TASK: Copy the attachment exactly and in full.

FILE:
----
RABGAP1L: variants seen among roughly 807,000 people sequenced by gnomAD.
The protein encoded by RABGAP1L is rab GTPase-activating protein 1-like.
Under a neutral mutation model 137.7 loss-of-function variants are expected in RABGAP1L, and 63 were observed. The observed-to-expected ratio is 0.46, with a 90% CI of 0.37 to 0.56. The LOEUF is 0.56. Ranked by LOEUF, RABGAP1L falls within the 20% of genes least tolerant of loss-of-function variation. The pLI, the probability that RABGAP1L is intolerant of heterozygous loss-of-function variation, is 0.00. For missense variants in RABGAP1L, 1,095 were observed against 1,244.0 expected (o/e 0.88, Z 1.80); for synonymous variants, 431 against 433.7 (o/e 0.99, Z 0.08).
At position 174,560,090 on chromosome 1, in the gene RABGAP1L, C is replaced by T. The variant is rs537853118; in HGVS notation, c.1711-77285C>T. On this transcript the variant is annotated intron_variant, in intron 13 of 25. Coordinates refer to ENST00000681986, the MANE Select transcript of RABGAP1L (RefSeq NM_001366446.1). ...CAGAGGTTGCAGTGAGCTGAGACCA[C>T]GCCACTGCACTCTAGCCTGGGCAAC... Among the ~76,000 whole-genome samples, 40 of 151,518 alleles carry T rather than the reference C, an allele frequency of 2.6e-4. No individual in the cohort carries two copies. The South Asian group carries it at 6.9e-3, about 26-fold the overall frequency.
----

RABGAP1L: variants seen among roughly 807,000 people sequenced by gnomAD.
The protein encoded by RABGAP1L is rab GTPase-activating protein 1-like.
Under a neutral mutation model 137.7 loss-of-function variants are expected in RABGAP1L, and 63 were observed. The observed-to-expected ratio is 0.46, with a 90% CI of 0.37 to 0.56. The LOEUF is 0.56. Ranked by LOEUF, RABGAP1L falls within the 20% of genes least tolerant of loss-of-function variation. The pLI, the probability that RABGAP1L is intolerant of heterozygous loss-of-function variation, is 0.00. For missense variants in RABGAP1L, 1,095 were observed against 1,244.0 expected (o/e 0.88, Z 1.80); for synonymous variants, 431 against 433.7 (o/e 0.99, Z 0.08).
At position 174,560,090 on chromosome 1, in the gene RABGAP1L, C is replaced by T. The variant is rs537853118; in HGVS notation, c.1711-77285C>T. On this transcript the variant is annotated intron_variant, in intron 13 of 25. Coordinates refer to ENST00000681986, the MANE Select transcript of RABGAP1L (RefSeq NM_001366446.1). ...CAGAGGTTGCAGTGAGCTGAGACCA[C>T]GCCACTGCACTCTAGCCTGGGCAAC... Among the ~76,000 whole-genome samples, 40 of 151,518 alleles carry T rather than the reference C, an allele frequency of 2.6e-4. No individual in the cohort carries two copies. The South Asian group carries it at 6.9e-3, about 26-fold the overall frequency.